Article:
Aquatic Plants

Aquatic Plants in Minnesota Lakes

Ideally, Cross Lake and the Snake River would have a variety of aquatic plants growing along the margins. Native plants stabilize the shoreline and anchor fine sediments on the bottom, help clarify the water and provide food, shelter, and spawning habitat for fish. Submerged plants provide food for waterfowl and provide habitat for insect larvae, snails, and other invertebrates, which are part of the aquatic food chain. Oxygen produced by aquatic plants provides enormous benefits to all the life forms in the lake and river system. Just like familiar land plants, such as grass and trees, aquatic plants must absorb nutrients including phosphorous and nitrogen. Aquatic plants absorb these and other nutrients from the bottom or from the water. Much of the available nutrients are the result of runoff from land.

Distribution of Aquatic Vegetation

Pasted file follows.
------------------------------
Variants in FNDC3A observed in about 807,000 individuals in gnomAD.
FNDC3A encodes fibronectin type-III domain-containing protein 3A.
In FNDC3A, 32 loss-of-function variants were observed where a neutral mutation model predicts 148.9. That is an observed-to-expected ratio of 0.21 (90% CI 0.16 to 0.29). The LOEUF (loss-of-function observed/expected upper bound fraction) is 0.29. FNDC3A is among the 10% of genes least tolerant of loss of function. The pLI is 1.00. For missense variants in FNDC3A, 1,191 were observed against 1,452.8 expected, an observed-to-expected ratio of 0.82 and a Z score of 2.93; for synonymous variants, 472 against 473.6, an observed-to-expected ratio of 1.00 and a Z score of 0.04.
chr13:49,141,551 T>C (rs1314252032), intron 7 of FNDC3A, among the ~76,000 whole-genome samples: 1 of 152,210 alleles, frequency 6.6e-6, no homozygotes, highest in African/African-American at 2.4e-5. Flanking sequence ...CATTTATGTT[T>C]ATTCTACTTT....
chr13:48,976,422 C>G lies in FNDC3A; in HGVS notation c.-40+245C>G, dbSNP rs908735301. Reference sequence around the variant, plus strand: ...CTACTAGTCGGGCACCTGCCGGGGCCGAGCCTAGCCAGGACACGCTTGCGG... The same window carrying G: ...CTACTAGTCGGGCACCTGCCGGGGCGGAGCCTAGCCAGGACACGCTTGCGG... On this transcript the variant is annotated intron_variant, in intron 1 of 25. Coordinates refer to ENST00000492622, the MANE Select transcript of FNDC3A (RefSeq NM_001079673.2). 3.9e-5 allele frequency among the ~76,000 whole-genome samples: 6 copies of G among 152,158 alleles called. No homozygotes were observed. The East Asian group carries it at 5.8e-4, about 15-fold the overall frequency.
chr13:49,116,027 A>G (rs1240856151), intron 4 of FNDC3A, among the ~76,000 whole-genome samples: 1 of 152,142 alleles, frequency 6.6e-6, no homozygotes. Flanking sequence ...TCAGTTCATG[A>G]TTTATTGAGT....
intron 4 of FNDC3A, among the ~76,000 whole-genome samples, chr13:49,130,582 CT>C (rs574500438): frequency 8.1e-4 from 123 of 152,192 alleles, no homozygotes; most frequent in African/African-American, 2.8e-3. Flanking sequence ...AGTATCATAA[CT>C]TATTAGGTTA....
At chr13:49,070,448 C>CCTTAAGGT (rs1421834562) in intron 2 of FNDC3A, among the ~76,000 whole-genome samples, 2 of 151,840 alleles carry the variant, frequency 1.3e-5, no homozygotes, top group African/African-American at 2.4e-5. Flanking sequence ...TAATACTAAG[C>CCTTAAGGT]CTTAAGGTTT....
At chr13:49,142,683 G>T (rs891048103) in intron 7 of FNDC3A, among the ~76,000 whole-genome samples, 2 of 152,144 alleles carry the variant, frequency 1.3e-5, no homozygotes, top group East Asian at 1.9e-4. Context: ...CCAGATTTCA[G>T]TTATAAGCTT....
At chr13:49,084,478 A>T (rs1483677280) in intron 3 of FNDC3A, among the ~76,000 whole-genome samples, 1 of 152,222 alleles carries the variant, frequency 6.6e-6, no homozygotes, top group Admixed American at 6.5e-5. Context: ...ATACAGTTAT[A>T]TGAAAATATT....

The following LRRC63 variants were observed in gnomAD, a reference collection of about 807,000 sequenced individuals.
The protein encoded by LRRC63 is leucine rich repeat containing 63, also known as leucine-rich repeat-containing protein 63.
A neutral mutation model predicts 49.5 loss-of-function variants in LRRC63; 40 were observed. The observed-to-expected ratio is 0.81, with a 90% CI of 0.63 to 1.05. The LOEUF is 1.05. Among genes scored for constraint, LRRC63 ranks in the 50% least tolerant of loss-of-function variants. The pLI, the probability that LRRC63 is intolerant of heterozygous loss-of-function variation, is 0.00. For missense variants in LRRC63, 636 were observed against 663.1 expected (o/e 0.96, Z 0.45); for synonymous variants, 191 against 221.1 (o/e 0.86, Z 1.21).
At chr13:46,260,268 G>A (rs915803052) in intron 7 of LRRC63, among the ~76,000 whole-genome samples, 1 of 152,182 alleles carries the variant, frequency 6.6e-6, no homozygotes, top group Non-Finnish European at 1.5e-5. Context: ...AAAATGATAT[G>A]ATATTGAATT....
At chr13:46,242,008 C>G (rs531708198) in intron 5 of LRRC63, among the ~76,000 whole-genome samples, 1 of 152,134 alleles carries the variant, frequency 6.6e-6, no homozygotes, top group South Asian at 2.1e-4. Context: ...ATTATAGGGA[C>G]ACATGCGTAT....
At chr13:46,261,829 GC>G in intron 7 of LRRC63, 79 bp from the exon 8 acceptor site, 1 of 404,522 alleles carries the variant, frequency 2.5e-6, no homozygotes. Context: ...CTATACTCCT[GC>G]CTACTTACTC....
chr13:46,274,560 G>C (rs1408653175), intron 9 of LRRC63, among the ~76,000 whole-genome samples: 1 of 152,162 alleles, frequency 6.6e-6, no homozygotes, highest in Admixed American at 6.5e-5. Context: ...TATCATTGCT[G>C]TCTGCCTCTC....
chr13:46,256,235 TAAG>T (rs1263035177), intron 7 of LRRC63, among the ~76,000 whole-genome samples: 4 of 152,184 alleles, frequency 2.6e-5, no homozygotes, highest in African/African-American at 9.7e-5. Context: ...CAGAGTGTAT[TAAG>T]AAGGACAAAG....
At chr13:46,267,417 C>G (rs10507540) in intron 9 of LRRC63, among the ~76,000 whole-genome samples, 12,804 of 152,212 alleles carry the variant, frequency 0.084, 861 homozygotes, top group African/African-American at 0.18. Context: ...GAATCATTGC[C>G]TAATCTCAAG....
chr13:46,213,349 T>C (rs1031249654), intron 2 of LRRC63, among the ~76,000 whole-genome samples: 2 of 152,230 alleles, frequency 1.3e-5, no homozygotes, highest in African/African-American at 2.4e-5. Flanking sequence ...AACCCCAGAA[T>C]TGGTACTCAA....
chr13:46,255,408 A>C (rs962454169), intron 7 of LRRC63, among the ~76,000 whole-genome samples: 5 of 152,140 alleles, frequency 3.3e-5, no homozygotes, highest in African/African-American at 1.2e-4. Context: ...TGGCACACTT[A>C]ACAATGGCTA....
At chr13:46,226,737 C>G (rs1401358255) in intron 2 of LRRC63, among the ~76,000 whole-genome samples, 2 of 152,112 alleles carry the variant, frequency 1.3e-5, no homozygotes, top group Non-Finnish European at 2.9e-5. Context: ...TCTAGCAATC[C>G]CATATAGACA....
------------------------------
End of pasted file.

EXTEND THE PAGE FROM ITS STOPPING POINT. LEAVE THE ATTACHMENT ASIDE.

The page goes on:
Free-floating plants such as algae and duckweed can be found anywhere on the lake or river. Larger aquatics, classified as submerged, emergent, and floating leaf, are found in the littoral zone, which in Minnesota lakes extends to a depth of about 10 feet. Distribution if closely tied to light penetration, which is controlled by water clarity. A Secchi disk reading in Cross Lake may be only 3 to 3 ½ feet. As a rule, the maximum depth to which plants grow is twice the Secchi disk reading for midsummer, which means a depth of 6 to 7 ½ feet in Cross Lake. The width of the littoral zone in Cross Lake varies depending on the depth of the water. A shallow bay may have a littoral zone, which extends 100s of feet from the shore; while along other shorelines with a steeply sloping bottom, the littoral zone may only extend 20 feet off shore.

The type of bottom sediment influences the distribution of rooted aquatic plants. In general, plants are more likely to be found in muddy sediment with organic matter in it than in a sandy bottom without organic matter. Development of your property, especially along the shoreline, has already caused fine sediment to be added to the lake bottom. Most of the littoral zone in Cross Lake can easily support abundant aquatic vegetation.